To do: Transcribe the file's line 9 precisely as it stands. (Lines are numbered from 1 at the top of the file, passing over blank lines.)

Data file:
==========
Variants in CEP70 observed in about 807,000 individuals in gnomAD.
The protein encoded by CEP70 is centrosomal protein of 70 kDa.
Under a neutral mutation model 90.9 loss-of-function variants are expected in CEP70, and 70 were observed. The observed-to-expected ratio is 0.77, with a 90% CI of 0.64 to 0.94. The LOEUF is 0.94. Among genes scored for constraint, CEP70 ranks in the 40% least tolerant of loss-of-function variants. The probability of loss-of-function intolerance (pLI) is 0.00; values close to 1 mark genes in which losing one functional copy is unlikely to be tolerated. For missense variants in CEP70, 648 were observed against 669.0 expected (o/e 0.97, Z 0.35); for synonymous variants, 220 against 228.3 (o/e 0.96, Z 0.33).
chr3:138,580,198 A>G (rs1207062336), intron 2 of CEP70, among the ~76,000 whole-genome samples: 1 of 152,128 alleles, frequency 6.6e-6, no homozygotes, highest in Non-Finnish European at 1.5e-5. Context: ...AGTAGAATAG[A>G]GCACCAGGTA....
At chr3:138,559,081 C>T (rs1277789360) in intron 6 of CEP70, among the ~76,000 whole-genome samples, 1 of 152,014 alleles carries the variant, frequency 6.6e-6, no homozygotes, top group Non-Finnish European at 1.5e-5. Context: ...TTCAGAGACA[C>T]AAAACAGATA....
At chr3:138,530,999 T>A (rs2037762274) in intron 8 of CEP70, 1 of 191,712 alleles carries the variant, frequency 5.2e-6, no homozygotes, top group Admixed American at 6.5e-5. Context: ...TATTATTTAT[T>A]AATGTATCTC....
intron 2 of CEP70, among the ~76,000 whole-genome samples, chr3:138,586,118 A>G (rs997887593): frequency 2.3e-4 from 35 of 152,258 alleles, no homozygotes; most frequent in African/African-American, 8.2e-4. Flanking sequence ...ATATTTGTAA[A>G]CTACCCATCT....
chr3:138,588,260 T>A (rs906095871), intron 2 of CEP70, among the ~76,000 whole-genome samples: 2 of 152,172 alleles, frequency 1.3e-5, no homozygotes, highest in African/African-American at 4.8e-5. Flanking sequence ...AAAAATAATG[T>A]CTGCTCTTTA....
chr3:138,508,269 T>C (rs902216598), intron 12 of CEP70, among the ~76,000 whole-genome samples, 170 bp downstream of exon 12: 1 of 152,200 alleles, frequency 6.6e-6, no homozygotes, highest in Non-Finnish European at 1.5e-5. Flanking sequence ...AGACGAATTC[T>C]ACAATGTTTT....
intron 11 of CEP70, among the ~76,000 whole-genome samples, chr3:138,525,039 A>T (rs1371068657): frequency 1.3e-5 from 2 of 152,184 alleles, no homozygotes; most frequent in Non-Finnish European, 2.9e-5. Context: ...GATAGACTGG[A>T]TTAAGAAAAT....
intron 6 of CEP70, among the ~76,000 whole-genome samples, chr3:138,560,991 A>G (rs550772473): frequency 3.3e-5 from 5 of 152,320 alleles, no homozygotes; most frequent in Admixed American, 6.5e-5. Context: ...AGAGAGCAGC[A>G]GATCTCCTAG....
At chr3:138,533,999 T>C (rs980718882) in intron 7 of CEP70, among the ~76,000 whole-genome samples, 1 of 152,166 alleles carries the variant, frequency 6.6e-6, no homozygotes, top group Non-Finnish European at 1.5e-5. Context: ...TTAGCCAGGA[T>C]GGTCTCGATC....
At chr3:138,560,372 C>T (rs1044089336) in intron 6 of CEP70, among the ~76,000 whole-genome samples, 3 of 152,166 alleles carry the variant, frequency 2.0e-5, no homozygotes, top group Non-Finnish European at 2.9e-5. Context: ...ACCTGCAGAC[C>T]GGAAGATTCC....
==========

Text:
chr3:138,508,269 T>C (rs902216598), intron 12 of CEP70, among the ~76,000 whole-genome samples, 170 bp downstream of exon 12: 1 of 152,200 alleles, frequency 6.6e-6, no homozygotes, highest in Non-Finnish European at 1.5e-5. Flanking sequence ...AGACGAATTC[T>C]ACAATGTTTT....